New York Landmarks Conservancy
Inspired Winter 1998, Vol. 13, No. 1



Safe De-Icing of Stoops and Sidewalks

There are several suggestions to help speed melting and minimize damage to masonry when using a de-icing product:


Available De-Icing Products

Since all de-icing products can potentially damage masonry and harm vegetation, use a product that works at lower temperatures and requires the least amount of material per application. Generally, these tend to be the calcium chloride-based products.

Calcium Chloride: Calcium chloride-based de-icers are effective to temperature -25 degrees Fahrenheit and are faster acting than sodium and potassium chloride. These products are often sold in white pellet form, which are preferred over flakes, as they are less apt to blow away. The recommended application rate is 2 to 4 ounces per square yard. Calcium chloride is moderately priced and can potentially harm vegetation and corrode metal.

Potassium Chloride: De-icing agents which contain potassium chloride, sold in pellet form, are not effective at temperatures below +25 degrees Fahrenheit. They work at slower speeds than sodium and calcium chloride. The recommended application rate is 8 ounces per square yard. Potassium chloride is expensive and can potentially harm vegetation but will not corrode metal.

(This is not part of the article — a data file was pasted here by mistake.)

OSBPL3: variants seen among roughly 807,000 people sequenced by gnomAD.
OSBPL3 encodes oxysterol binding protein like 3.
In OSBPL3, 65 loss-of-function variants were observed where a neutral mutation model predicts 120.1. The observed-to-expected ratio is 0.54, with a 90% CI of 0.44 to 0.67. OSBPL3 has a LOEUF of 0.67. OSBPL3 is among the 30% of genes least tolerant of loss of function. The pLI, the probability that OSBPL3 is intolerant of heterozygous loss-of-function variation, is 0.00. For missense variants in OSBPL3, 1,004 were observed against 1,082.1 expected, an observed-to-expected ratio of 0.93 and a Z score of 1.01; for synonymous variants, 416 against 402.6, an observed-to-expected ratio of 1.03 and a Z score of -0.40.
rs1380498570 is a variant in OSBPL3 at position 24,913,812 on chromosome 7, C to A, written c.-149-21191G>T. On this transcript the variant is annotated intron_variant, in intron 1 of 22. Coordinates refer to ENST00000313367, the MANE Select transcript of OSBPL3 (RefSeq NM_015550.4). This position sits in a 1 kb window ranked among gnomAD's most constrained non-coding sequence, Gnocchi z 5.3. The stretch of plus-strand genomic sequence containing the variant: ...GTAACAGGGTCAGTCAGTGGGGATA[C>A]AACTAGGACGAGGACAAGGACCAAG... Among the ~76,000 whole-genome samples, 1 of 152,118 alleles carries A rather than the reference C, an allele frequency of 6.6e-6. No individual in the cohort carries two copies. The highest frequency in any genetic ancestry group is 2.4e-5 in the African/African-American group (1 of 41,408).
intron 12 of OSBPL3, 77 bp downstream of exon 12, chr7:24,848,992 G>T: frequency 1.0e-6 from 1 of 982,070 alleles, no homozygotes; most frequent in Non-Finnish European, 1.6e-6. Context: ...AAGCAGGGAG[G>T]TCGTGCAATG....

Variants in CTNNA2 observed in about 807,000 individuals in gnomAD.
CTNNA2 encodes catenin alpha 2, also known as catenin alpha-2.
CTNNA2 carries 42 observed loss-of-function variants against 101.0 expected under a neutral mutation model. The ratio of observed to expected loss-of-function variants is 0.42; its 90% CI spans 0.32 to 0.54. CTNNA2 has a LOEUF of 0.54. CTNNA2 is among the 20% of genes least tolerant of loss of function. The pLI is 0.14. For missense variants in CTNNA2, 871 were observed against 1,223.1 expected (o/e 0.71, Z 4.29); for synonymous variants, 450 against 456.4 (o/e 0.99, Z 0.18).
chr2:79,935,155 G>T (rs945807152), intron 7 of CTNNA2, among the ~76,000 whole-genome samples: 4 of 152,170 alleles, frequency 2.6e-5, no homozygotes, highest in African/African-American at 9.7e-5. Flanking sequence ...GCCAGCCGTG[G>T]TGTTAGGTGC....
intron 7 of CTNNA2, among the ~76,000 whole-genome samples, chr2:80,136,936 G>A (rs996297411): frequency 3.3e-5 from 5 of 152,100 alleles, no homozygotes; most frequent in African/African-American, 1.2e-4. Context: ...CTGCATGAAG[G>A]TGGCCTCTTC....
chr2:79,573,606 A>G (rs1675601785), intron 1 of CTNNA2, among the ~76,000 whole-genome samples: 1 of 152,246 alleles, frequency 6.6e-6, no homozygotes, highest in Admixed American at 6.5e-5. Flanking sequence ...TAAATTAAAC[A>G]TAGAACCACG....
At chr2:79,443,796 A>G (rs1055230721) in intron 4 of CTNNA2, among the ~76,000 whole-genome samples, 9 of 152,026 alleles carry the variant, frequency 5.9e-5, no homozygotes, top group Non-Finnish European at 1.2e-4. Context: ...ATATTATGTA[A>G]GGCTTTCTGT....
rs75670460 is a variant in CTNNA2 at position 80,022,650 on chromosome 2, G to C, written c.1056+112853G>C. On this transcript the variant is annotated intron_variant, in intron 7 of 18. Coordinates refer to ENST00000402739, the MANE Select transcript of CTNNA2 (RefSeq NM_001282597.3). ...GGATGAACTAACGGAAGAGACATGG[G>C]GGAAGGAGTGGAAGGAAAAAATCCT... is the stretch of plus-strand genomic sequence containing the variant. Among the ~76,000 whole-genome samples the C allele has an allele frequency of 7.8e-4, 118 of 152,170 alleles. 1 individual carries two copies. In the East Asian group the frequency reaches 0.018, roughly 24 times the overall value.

Sodium Chloride: Often referred to as "rock salt," sodium chloride-based de-icers are not effective at temperatures below +20 degrees Fahrenheit and work slower than calcium chloride. The recommended application rate is 8 ounces per square yard. Sodium chloride is inexpensive and can potentially harm vegetation and corrode metal.

Other Options: Urea, used primarily as a fertilizer, is commercially available as a de-icing product. Sold in white-pellet form, urea does not chemically attack masonry, metal, or vegetation; however, it is not effective at temperatures below +25 degrees Fahrenheit and is not as readily available as salt-based de-icing products.

Courtesy, New York Landmarks Conservancy.